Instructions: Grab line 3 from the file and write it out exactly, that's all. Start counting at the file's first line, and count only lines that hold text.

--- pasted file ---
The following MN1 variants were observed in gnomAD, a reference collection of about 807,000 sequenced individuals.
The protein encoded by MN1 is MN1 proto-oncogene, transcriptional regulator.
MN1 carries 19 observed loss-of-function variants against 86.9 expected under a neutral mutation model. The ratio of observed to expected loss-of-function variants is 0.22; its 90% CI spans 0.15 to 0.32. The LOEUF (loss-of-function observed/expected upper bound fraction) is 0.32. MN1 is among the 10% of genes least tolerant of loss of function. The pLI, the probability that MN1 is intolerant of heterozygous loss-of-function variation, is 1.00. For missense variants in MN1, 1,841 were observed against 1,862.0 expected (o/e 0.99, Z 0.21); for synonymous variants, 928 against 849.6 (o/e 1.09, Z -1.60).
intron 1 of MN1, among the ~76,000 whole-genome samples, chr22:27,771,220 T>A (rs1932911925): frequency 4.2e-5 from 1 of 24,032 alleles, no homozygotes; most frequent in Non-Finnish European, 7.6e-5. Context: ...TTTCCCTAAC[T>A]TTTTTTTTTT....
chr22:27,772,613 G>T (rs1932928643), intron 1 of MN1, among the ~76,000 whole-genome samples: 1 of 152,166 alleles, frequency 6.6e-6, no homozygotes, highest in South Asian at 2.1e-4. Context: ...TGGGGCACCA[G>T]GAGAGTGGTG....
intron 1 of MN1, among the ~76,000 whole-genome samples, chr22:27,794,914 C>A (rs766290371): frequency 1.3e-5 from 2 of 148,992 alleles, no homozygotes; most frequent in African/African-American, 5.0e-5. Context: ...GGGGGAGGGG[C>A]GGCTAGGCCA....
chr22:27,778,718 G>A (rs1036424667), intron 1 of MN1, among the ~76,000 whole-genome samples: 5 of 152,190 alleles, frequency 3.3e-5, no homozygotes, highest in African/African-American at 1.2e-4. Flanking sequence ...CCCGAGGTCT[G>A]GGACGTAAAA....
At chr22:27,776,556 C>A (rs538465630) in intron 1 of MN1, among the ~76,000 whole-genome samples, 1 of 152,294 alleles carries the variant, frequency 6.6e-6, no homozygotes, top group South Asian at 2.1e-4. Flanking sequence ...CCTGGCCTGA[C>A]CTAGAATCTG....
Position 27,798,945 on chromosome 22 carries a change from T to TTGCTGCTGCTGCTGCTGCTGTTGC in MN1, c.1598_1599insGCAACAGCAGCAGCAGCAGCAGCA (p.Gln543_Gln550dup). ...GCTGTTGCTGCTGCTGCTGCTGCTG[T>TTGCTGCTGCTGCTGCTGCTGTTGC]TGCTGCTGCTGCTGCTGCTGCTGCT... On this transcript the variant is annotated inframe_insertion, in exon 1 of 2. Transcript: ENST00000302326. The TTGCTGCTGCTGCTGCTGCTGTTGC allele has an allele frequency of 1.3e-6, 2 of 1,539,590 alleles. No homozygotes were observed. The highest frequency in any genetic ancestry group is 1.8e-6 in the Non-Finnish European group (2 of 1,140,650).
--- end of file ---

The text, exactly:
MN1 carries 19 observed loss-of-function variants against 86.9 expected under a neutral mutation model. The ratio of observed to expected loss-of-function variants is 0.22; its 90% CI spans 0.15 to 0.32. The LOEUF (loss-of-function observed/expected upper bound fraction) is 0.32. MN1 is among the 10% of genes least tolerant of loss of function. The pLI, the probability that MN1 is intolerant of heterozygous loss-of-function variation, is 1.00. For missense variants in MN1, 1,841 were observed against 1,862.0 expected (o/e 0.99, Z 0.21); for synonymous variants, 928 against 849.6 (o/e 1.09, Z -1.60).